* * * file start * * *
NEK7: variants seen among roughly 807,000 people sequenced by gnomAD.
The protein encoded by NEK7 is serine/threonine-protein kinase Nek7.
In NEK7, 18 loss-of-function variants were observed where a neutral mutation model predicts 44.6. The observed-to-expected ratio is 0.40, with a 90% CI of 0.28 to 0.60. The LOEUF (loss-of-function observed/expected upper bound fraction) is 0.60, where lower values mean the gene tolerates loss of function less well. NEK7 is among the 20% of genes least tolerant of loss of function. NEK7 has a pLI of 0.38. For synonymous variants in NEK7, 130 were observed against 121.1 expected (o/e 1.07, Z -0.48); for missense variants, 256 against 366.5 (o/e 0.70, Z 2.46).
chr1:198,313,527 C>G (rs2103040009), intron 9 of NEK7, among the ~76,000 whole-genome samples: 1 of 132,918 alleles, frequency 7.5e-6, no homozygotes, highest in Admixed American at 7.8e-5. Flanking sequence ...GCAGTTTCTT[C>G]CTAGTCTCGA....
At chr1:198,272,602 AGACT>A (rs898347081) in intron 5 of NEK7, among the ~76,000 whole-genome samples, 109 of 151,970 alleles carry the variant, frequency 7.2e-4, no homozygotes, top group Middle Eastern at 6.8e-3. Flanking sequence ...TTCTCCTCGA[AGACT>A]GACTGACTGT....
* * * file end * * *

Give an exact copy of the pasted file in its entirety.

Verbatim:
NEK7: variants seen among roughly 807,000 people sequenced by gnomAD.
The protein encoded by NEK7 is serine/threonine-protein kinase Nek7.
In NEK7, 18 loss-of-function variants were observed where a neutral mutation model predicts 44.6. The observed-to-expected ratio is 0.40, with a 90% CI of 0.28 to 0.60. The LOEUF (loss-of-function observed/expected upper bound fraction) is 0.60, where lower values mean the gene tolerates loss of function less well. NEK7 is among the 20% of genes least tolerant of loss of function. NEK7 has a pLI of 0.38. For synonymous variants in NEK7, 130 were observed against 121.1 expected (o/e 1.07, Z -0.48); for missense variants, 256 against 366.5 (o/e 0.70, Z 2.46).
chr1:198,313,527 C>G (rs2103040009), intron 9 of NEK7, among the ~76,000 whole-genome samples: 1 of 132,918 alleles, frequency 7.5e-6, no homozygotes, highest in Admixed American at 7.8e-5. Flanking sequence ...GCAGTTTCTT[C>G]CTAGTCTCGA....
At chr1:198,272,602 AGACT>A (rs898347081) in intron 5 of NEK7, among the ~76,000 whole-genome samples, 109 of 151,970 alleles carry the variant, frequency 7.2e-4, no homozygotes, top group Middle Eastern at 6.8e-3. Flanking sequence ...TTCTCCTCGA[AGACT>A]GACTGACTGT....